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A series of lectures designed to introduce the student to some of the central views in the world's diverse philosophical traditions. Using the orientation of Western thought as a departure, the course considers some of the alternative worldviews that developed in Africa, the Americas, India, China, and Japan.… (mer)
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In these lectures on world philosophy, Higgins seeks to cover the major bodies of thought of various world cultures. From Kenya to Korea, from the Aztecs to Asia, she covers vast ranges of geography and time. I really enjoyed the way she brought together many different traditions we often do not hear even exist. She begins the course with Western philosophy and the categories and questions laid down by Greek thinkers, then moves into African thought, pre- and post-colonial Latin American thought, and ends in Asia where she covers the philosophies of Hinduism, Buddhism, Taoism, and Confucianism. Her hope is that philosophy broadens out of being just a Western affair, that we can learn from the wisdom of other world traditions.

My favorite part of this course was her discussion of African and Latin American thought. She spends one lecture on the Yoruba people of Nigeria. Their traditional, pre-Christian thought goes in directions very foreign to the West: a cyclical notion of time, an emphasis on change over stasis, and the worship of God's intermediaries (polytheism) rather than God directly. Unlike Christian notions of time, which tend to be linear culminating in an apocalypse, Yoruba - and Mayan - concepts of time are cyclical. For the Mayans, there is an apocalyptic end, but it only marks a new beginning, and there have been several of them. And the Yoruba's emphasis on change gives them an affinity with the Taoists, who also see change as more fundamental to reality than Platonic stasis. All of these vastly different notions can help the Platonic or Aristotelian Western thinker to see how different frameworks of philosophy play out. Higgins does a good job with these.

I also enjoyed her discussion of what philosophy is. However, this is also where her discussion was incomplete. She discussed the problem of philosophy in premodern societies. Are a culture's oral traditions or folk/religious beliefs to be considered philosophy? Must philosophy be oral? On the one hand, some argue that oral folk beliefs constitute a form of philosophy, and the idea that philosophy must be written is ethnocentric. Others argue that philosophy requires critical reflection and a level of precision that can only be reached with written thought. I tend to agree with the latter. So the Yoruba 'philosophy' described above is no such thing. Philosophy, to be differentiated from myth and religion, must also involve rational criticism apart from appeals to revelation or tradition. There must also be differing opinions or schools of thought.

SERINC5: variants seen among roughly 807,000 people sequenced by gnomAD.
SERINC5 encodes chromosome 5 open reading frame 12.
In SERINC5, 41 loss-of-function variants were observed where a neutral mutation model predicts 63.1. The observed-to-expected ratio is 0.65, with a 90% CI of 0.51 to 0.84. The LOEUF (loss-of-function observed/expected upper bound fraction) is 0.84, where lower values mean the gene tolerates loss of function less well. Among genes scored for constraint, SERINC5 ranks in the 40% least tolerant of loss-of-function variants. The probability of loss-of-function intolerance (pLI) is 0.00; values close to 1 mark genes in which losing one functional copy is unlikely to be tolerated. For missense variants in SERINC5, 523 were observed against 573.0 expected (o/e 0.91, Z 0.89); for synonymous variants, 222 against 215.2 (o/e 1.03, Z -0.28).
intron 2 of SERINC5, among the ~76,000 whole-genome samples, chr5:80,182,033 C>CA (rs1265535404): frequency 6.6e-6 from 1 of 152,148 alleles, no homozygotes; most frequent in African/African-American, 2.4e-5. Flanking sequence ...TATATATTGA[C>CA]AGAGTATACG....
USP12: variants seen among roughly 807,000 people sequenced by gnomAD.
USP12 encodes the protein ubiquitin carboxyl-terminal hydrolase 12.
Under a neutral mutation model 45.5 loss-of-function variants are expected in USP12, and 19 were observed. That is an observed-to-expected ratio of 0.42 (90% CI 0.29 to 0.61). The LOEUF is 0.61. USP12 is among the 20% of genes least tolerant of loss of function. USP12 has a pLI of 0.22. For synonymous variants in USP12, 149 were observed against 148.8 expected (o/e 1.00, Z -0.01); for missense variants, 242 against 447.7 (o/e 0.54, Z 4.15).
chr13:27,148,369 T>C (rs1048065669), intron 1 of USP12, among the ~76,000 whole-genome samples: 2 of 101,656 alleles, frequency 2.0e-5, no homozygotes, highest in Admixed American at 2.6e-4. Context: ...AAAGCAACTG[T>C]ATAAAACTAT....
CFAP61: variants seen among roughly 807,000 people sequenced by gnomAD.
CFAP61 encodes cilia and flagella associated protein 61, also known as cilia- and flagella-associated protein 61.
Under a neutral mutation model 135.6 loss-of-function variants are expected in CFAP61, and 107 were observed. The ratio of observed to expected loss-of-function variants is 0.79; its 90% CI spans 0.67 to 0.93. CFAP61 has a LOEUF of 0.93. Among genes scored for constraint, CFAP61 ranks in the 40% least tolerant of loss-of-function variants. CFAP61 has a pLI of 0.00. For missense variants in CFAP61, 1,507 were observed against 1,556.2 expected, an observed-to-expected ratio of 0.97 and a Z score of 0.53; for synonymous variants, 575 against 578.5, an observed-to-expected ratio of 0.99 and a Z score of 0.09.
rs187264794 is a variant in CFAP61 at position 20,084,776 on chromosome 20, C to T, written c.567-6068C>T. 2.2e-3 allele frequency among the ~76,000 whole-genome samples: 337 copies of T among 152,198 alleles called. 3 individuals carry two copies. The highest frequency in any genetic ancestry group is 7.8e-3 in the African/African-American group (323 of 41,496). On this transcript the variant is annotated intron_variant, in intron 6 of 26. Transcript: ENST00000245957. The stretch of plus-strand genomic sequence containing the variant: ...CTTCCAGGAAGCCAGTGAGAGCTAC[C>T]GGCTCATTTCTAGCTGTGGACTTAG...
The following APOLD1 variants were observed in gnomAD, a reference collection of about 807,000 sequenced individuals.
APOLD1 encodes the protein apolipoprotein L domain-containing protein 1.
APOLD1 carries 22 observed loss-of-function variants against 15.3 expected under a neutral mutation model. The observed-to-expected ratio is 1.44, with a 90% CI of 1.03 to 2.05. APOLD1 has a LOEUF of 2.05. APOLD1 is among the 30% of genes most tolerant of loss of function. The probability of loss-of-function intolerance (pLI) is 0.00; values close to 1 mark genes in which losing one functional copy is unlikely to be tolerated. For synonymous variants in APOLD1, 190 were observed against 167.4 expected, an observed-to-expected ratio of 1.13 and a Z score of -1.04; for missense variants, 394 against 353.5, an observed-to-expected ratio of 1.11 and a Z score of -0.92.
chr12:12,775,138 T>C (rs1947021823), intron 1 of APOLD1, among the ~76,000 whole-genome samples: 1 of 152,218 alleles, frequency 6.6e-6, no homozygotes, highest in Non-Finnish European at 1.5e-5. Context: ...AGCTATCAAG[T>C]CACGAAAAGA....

That said, what about the distinction between philosophy and religion? Higgins discusses the philosophical schools of Eastern religions, but ignores those in the Abrahamic faiths. This is too bad. For example, most philosophers agree Aquinas is in their field. What about Augustine? What about Ecclesiastes? In Jewish thought, Maimonides is clearly a philosopher, but is the Talmud a philosophical text? Since Jewish and Islamic thought are seldom taught in American philosophy departments, they seem like they should have been a part of this course.

Overall, I enjoyed this course, although her lectures on Indian thought were hard to follow. I'm especially curious to follow up on Mayan philosophy, which I had never heard of. ( )
1 rösta JDHomrighausen | Aug 28, 2013 |
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A series of lectures designed to introduce the student to some of the central views in the world's diverse philosophical traditions. Using the orientation of Western thought as a departure, the course considers some of the alternative worldviews that developed in Africa, the Americas, India, China, and Japan.

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